There are some big decisions to ponder before you decide to carry a concealed firearm. Perhaps surprisingly, most of those considerations have nothing at all to do with which gun, holster or ammunition you choose. So, let’s talk about what you need to know before you carry concealed.
Beware of a False Sense of Security
Just packing a gun means absolutely nothing. It’s merely a tool in a much more comprehensive self-defense strategy. In fact, developing situational awareness is far more likely to sway the odds in your favor. Without awareness, knowledge on how to use it, and — most importantly — self-defense education and training, carrying a gun is about as valuable as landing on the Normandy beaches with an accordion.
Take a class from a qualified concealed carry instructor. Ideally, look for one who is USCCA certified. That man or woman will teach you a lot about what self-defense really means. You will learn that a self-defense encounter is nothing at all like shooting at the range. Ideally, the instructor will scare you half to death by helping you to realize how much you don’t know about real-life criminal encounters. That’s a good thing, as it will inspire you to think and train accordingly.
You’ll Have to Adjust to the Concealed Carry Lifestyle
Some newly minted concealed carriers quickly tire of carrying a firearm at all times as they go about their lives. Frankly, it’s a pain. You must change your dress code. You’ll need to lug around a couple of pounds of less-than-comfortable weight. You’ll need to practice. You’ll need to plan for places where you can’t carry — like schools and government buildings. You’ll need to develop safe gun-storage practices at home, especially if you ever have kids in the house.
As a result, some decide that they’ll carry only when going to “more dangerous” places. That’s a terrible idea. Criminals get to pick the times and locations for crime, not you. They decide whether to commit armed robbery in a coffee shop, mass murder in a theater or rape on a jogging trail. If you really could discern where you’re much more likely to be attacked, why would you ever go there in the first place?
Concealed carry is a 24/7/365 commitment that requires work and sacrifice. Be sure you’re prepared for that before making a carry lifestyle decision.
You Can Be Right … and Still Lose Everything
You may be the ideal concealed carry student. Maybe you dedicate hours to learning and understanding the laws regarding use of force, self-defense, Castle Doctrine and firearms. Unfortunately, you may find yourself in the position of defending yourself from a criminal action. Even if you’ve done everything by the book, you still might lose everything.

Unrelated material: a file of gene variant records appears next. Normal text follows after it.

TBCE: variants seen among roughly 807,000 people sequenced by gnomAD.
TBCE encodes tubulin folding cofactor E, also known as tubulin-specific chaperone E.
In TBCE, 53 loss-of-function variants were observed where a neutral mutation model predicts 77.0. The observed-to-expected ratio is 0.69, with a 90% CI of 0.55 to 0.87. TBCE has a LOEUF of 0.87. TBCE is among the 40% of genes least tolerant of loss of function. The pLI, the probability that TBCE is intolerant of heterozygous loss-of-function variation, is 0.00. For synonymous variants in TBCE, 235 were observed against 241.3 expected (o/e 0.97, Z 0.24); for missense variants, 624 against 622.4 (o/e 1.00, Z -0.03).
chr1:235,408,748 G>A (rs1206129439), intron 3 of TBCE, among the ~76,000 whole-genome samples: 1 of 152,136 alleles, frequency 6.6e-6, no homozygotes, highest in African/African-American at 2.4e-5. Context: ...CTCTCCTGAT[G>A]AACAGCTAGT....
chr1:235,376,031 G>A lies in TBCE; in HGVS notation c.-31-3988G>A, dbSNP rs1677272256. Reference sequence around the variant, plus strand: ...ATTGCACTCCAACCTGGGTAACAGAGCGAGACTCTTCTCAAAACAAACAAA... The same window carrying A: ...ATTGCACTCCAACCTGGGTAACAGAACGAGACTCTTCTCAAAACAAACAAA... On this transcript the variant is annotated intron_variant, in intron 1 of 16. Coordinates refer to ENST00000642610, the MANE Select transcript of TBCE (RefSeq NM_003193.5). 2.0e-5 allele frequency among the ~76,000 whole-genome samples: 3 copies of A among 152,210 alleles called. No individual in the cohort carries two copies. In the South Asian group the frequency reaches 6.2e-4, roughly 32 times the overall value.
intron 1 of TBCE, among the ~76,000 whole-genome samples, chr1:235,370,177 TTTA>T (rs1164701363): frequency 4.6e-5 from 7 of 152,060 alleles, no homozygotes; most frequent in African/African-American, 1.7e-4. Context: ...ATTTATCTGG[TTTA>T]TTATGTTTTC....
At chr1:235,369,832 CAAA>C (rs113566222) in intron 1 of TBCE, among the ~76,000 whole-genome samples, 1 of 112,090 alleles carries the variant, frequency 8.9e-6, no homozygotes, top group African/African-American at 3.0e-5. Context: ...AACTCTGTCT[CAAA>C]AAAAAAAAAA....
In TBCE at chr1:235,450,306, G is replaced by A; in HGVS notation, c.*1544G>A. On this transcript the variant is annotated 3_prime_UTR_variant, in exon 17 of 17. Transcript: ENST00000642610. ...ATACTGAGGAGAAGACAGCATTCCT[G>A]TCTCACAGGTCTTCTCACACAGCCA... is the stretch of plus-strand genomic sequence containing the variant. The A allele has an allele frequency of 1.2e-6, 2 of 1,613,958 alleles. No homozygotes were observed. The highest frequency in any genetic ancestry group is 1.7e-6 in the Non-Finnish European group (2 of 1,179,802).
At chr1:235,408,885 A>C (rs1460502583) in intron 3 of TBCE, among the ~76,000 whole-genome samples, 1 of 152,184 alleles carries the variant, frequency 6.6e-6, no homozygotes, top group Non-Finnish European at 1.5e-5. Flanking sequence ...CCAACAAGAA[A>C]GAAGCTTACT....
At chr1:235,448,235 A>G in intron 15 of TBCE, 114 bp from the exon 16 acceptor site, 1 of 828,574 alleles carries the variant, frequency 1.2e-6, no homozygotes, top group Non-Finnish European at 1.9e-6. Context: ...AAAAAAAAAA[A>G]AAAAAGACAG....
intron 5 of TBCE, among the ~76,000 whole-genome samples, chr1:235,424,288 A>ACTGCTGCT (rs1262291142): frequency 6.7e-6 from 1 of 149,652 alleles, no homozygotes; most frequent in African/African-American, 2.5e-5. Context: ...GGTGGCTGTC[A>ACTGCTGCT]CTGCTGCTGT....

If you are ever forced to use your firearm in a self-defense situation and harm or kill the aggressor(s), it’s entirely possible you’ll end up in jail. You may also spend your life savings and more on criminal defense. After that, you might become the defendant in an equally expensive civil liability lawsuit.
Just ask Jay Rodney Lewis. He got entwined in an aggressive driver road-rage incident. The other car, full of partygoers, was driven by James Scott Ludwick, a repeat felon with 2½ times the legal blood alcohol level. A fender bender ensued, and Ludwick approached Lewis’ car and started beating on the windows.
Lewis drew his .380 and issued warnings, at which point the group backed off. He got out to inspect the damage and was attacked again. Warning Ludwick and crew, he called 911 and the entire incident was recorded. Lewis was heard issuing 11 distinct warnings to “get back” before he had to fire a single shot. Police arrived and arrested … Lewis.
On his $32,000 salary, Lewis wasn’t able to afford the $22,500 bond fee — much less the $225,000 total bond. As a result, he spent 112 days in jail awaiting trial, at which point he was exonerated. During his unplanned jail time, he lost his savings, his apartment, all of his possessions and his job.
You Never Know What You’ll Be Up Against
This tragic story happens more frequently than you’d think. You might face an aggressive district attorney who wants to set an example. You might live in a self-defense-unfriendly state or city. There may be confused witnesses. The police might believe the bad guy. The bad guy’s family might sue for wrongful injury or death. Many things can, and do, go wrong even though the victim does everything right.
Concealed carry is a big decision with the potential for life-or-death consequences. Be sure to treat the decision of whether or not to carry with the gravity it deserves.